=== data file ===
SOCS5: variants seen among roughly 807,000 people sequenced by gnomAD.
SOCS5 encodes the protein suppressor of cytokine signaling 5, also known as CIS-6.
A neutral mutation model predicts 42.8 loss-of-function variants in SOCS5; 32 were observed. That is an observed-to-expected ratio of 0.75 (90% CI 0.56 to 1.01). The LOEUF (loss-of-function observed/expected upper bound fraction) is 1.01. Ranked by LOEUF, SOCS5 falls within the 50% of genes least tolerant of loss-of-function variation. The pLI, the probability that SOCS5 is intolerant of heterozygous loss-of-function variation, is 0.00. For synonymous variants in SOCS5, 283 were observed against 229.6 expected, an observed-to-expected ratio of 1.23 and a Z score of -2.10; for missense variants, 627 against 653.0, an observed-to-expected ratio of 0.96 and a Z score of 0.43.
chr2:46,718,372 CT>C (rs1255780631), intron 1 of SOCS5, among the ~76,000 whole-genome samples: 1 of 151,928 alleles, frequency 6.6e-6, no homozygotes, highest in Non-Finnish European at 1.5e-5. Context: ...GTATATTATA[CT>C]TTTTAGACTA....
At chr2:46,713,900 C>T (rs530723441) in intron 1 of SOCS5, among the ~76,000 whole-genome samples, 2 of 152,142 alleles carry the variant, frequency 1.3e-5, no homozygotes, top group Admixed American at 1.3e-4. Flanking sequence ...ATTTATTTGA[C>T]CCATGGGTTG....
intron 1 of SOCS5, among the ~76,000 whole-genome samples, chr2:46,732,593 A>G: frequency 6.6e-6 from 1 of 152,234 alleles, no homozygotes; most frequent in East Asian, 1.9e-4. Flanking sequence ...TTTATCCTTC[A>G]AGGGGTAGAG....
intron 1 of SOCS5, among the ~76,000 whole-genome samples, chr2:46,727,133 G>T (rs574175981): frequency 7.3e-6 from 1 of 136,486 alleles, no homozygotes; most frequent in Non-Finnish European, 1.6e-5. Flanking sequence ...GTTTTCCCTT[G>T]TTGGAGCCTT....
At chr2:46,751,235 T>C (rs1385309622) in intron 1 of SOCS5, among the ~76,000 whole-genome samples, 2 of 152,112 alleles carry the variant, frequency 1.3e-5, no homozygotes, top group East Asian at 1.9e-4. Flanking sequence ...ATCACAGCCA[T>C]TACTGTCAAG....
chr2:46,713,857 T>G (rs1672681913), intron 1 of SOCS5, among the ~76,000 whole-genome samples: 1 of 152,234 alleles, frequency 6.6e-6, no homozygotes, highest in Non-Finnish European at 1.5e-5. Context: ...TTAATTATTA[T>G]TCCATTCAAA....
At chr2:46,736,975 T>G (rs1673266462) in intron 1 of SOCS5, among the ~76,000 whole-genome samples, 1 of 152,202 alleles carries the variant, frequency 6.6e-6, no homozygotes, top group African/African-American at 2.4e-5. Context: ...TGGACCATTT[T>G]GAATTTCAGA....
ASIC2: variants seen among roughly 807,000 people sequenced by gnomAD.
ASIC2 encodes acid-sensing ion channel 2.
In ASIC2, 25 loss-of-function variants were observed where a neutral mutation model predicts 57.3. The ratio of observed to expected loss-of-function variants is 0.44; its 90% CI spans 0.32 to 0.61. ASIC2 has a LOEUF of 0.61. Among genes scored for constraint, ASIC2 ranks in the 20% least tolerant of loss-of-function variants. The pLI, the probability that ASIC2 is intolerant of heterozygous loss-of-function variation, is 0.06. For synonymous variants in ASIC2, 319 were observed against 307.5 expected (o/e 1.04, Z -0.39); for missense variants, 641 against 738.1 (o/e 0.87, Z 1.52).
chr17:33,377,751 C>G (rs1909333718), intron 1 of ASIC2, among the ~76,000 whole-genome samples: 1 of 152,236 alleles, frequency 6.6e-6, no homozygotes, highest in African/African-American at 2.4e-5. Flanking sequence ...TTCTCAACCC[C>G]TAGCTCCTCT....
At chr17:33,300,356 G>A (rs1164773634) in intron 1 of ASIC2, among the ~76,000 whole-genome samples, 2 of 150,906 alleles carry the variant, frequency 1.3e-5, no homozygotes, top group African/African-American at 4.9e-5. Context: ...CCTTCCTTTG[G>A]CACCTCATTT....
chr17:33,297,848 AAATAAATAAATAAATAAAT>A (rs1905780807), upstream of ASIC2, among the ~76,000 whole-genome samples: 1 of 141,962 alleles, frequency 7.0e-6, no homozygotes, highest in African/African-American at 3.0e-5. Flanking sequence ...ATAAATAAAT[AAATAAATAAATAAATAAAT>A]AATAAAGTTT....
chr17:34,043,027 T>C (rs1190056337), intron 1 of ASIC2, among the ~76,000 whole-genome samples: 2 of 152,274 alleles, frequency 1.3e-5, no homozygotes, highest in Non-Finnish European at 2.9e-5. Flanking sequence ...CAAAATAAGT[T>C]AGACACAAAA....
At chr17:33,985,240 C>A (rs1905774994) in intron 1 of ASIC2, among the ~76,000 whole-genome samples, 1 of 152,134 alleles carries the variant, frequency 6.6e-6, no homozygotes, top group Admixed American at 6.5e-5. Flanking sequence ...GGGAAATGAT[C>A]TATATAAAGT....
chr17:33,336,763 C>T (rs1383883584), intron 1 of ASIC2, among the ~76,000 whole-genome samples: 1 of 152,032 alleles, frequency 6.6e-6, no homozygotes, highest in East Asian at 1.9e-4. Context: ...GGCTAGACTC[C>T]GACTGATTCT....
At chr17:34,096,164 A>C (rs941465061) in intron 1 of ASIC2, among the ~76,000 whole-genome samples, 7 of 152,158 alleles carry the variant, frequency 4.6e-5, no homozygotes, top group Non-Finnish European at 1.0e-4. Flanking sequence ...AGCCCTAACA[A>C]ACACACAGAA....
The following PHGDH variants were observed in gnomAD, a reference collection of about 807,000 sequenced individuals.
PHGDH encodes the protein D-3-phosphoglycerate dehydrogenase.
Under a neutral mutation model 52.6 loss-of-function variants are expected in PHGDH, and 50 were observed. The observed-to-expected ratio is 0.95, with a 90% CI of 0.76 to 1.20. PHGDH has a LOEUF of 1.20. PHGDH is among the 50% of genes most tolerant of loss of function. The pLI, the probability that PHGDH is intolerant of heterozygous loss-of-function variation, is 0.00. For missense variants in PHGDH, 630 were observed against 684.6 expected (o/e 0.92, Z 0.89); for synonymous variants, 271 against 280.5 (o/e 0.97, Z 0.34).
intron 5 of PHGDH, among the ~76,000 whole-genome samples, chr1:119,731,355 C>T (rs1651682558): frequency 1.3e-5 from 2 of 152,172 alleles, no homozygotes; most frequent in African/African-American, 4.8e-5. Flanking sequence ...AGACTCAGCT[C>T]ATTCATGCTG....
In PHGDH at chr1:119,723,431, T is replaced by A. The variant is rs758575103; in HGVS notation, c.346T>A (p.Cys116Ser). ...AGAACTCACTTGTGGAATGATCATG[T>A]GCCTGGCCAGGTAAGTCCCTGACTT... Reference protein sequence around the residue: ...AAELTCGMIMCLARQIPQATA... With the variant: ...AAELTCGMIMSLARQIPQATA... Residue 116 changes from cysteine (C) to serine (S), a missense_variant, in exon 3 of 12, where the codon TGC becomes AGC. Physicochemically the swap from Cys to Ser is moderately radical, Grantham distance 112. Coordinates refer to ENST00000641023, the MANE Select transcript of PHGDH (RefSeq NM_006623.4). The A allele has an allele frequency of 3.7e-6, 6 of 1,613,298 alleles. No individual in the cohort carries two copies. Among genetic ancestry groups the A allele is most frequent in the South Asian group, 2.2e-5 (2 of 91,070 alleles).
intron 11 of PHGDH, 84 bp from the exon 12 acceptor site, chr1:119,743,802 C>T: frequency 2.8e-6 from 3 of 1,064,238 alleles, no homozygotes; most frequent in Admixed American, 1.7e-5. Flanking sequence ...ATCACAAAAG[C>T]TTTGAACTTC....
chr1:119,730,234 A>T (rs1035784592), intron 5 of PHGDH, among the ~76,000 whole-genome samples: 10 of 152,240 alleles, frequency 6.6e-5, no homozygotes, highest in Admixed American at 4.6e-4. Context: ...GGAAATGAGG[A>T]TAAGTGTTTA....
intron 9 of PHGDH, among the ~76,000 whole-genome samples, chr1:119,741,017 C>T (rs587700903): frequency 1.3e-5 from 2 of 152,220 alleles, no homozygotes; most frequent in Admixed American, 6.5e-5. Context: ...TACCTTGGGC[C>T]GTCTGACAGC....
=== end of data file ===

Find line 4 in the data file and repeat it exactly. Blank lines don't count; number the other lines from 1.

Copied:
chr2:46,718,372 CT>C (rs1255780631), intron 1 of SOCS5, among the ~76,000 whole-genome samples: 1 of 151,928 alleles, frequency 6.6e-6, no homozygotes, highest in Non-Finnish European at 1.5e-5. Context: ...GTATATTATA[CT>C]TTTTAGACTA....